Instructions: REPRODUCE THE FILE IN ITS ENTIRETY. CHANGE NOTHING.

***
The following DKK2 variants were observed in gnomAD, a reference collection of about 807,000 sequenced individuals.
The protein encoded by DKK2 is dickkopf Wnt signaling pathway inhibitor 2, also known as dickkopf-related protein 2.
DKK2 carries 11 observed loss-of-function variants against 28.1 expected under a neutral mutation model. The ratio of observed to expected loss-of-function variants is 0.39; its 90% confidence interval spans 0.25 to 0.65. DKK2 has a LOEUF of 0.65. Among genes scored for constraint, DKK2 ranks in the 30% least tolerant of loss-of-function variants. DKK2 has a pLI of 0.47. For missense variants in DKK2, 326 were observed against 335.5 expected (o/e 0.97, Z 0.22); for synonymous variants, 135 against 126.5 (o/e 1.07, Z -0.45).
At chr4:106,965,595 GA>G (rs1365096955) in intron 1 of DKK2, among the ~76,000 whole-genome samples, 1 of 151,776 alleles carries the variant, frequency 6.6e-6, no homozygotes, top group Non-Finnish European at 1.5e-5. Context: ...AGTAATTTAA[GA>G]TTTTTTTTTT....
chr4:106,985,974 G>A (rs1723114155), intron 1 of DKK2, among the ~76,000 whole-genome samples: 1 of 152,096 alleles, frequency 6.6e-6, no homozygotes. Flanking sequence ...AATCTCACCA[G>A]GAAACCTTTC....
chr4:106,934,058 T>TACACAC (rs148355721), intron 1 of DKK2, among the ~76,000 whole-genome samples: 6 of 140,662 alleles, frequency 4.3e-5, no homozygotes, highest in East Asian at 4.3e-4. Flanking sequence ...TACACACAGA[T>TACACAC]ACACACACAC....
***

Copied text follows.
The following DKK2 variants were observed in gnomAD, a reference collection of about 807,000 sequenced individuals.
The protein encoded by DKK2 is dickkopf Wnt signaling pathway inhibitor 2, also known as dickkopf-related protein 2.
DKK2 carries 11 observed loss-of-function variants against 28.1 expected under a neutral mutation model. The ratio of observed to expected loss-of-function variants is 0.39; its 90% confidence interval spans 0.25 to 0.65. DKK2 has a LOEUF of 0.65. Among genes scored for constraint, DKK2 ranks in the 30% least tolerant of loss-of-function variants. DKK2 has a pLI of 0.47. For missense variants in DKK2, 326 were observed against 335.5 expected (o/e 0.97, Z 0.22); for synonymous variants, 135 against 126.5 (o/e 1.07, Z -0.45).
At chr4:106,965,595 GA>G (rs1365096955) in intron 1 of DKK2, among the ~76,000 whole-genome samples, 1 of 151,776 alleles carries the variant, frequency 6.6e-6, no homozygotes, top group Non-Finnish European at 1.5e-5. Context: ...AGTAATTTAA[GA>G]TTTTTTTTTT....
chr4:106,985,974 G>A (rs1723114155), intron 1 of DKK2, among the ~76,000 whole-genome samples: 1 of 152,096 alleles, frequency 6.6e-6, no homozygotes. Flanking sequence ...AATCTCACCA[G>A]GAAACCTTTC....
chr4:106,934,058 T>TACACAC (rs148355721), intron 1 of DKK2, among the ~76,000 whole-genome samples: 6 of 140,662 alleles, frequency 4.3e-5, no homozygotes, highest in East Asian at 4.3e-4. Flanking sequence ...TACACACAGA[T>TACACAC]ACACACACAC....